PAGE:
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The Phoenicians’ Route

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Saturday, March 2, 2013

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6A-GP-P5-1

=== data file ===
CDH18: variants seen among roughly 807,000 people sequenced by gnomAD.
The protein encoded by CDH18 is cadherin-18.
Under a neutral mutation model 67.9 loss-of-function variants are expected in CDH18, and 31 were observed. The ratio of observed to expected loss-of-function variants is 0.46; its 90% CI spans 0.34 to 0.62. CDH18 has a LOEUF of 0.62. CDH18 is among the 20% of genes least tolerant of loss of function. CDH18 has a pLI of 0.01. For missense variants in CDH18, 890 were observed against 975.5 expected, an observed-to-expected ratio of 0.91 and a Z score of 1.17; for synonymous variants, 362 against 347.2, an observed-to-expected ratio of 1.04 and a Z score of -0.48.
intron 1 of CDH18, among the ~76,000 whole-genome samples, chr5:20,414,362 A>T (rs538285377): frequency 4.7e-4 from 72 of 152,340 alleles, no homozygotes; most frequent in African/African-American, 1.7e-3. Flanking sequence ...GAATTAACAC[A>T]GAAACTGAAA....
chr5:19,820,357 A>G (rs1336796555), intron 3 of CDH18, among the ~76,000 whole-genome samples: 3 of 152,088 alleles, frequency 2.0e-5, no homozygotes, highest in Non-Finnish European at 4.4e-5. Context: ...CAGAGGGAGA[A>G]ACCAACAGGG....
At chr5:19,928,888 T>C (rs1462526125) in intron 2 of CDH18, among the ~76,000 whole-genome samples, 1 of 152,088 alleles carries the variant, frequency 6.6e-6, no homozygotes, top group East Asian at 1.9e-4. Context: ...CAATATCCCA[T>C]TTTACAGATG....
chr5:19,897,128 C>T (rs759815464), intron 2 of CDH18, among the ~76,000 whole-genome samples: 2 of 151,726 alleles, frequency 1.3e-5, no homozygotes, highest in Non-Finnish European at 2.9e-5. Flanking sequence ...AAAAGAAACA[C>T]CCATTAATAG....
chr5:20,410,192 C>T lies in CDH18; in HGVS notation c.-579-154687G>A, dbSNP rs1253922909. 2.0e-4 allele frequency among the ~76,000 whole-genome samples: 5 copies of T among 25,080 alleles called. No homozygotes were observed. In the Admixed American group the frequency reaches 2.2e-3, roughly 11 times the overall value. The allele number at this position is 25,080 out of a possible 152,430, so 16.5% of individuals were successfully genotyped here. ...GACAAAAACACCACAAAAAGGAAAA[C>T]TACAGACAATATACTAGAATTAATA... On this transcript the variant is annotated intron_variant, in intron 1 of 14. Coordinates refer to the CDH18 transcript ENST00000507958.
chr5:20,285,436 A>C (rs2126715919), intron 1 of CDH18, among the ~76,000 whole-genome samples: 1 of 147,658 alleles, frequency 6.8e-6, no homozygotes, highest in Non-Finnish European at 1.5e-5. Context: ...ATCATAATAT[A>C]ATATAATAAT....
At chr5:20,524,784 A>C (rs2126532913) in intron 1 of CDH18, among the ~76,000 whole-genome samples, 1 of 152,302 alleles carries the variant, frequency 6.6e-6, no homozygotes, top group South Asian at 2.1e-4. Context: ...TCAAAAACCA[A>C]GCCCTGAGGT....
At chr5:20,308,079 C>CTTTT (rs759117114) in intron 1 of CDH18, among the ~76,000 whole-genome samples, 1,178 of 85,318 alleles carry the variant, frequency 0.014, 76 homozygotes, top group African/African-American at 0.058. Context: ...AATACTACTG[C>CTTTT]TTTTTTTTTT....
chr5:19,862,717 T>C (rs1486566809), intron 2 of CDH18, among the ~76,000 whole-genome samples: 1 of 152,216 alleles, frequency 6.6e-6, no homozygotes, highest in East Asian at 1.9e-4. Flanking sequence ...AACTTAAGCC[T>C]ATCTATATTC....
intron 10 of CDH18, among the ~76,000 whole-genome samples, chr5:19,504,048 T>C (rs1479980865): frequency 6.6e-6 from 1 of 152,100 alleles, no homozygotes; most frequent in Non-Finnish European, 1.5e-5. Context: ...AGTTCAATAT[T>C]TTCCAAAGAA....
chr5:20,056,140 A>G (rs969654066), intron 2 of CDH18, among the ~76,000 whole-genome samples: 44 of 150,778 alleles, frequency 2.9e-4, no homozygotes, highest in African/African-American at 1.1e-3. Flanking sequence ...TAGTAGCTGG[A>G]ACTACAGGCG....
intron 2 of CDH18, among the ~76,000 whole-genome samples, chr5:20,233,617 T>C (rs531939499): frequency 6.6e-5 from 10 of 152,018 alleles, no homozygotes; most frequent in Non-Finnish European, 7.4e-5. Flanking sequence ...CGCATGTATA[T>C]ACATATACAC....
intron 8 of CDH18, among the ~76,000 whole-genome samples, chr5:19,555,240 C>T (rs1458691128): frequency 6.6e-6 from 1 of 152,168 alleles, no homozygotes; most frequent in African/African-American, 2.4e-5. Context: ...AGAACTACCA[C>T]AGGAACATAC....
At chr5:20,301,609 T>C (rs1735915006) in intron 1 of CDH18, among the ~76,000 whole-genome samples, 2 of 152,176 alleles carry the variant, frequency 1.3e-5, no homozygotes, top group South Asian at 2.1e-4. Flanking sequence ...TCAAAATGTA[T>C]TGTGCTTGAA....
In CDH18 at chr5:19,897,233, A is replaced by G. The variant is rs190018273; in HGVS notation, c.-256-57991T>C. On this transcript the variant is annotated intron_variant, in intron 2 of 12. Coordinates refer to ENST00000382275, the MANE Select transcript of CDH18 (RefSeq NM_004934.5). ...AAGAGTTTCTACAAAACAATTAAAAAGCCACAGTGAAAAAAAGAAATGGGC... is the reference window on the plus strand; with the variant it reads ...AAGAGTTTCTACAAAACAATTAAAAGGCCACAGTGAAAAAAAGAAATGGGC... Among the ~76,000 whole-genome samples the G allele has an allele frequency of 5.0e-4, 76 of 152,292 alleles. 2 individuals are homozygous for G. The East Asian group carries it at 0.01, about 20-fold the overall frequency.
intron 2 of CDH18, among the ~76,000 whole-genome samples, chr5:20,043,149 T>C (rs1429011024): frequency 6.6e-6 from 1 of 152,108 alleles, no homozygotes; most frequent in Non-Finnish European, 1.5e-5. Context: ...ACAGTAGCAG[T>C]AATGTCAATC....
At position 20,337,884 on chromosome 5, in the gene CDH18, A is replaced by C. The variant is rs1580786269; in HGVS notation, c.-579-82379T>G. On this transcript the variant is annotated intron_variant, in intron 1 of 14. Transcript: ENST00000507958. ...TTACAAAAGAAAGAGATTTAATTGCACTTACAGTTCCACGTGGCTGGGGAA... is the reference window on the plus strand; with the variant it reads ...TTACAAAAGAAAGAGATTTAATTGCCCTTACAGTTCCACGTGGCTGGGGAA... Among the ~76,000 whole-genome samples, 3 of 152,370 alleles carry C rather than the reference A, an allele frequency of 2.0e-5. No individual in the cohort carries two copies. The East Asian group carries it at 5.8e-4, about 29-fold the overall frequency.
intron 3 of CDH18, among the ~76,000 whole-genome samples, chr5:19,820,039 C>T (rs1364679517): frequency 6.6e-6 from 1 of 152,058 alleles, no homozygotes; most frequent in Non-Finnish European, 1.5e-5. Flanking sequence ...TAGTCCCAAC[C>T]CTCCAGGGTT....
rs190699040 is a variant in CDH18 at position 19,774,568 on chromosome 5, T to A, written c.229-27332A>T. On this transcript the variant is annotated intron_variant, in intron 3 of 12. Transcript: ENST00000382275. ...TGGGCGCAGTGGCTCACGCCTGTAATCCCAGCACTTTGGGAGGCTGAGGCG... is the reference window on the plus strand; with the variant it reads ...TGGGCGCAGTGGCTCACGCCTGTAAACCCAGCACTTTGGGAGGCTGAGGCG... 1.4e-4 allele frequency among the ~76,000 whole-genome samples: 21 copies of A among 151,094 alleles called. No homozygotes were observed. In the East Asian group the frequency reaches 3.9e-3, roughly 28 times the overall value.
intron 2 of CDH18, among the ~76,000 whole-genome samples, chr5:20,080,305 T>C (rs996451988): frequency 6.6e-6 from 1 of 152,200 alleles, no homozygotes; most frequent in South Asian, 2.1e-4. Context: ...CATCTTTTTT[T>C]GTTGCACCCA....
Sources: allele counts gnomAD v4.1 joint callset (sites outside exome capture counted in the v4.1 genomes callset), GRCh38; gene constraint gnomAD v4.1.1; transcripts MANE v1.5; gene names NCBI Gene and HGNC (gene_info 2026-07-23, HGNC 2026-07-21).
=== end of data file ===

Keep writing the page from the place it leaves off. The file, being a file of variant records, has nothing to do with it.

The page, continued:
The «Phoenicians’ Route» is an international Cultural Route based on the intercultural Mediterranean dialogue, approved by the Council of Europe. The Route crosses 18 Mediterranean countries, with more than 80 towns of Phoenician-Punic origin and culture. The «Phoenicians’ Route» allows the connection of maritime routes that were created on the XII century B.C by the Phoenician people as main channels of trade and cultural communication in the Mediterranean. These routes became an integral and basic part of the Mediterranean culture. Of great strategic importance was the island of Ibiza, an obligatory stop in the shipping lanes through the western Mediterranean. In the second half of the seventh century B.C. Phoenician groups of population, from Gadir, settled in different parts of the southern coast of the island. The colonization coincides with the moment of greatest economic prosperity of the Phoenician colonies of Andalusia, around 630 A.C. They attempted to expand their sphere of business, going to the Gulf of Lyon, in search of tin and other raw materials. Towards the middle of the sixth century B.C. this circuit is interrupted by the commercial crisis of the Phoenician colonies in Spain and shortly after the island of Ibiza enters the orbit of political influence of Carthage. Evidence of the most famous Punic remains in Ibiza are the vast necropolis of Puig des Molins, and the two major shrines of Isle Plana and Cave “Es Culleram”. The Punic past of Ibiza has given the island a peculiarity that distinguishes it from its closest geographic references. The traditional architecture of the island is one aspect heir of this period. The name Ibiza comes itself from the Punic denomination of the island. This importance has determined Ibiza to be part of the itinerary of the «Phoenicians’ Route». The «Phoenicians’ Route» was accepted by the Institute of Cultural Routes of the Council of Europe as a pilot project for cultural tourism on 14th December 2003, the Council of Europe acknowledged it as Cultural Itinerary on 27th January 2007 and was approved as a network of routes on 15th May 2009.

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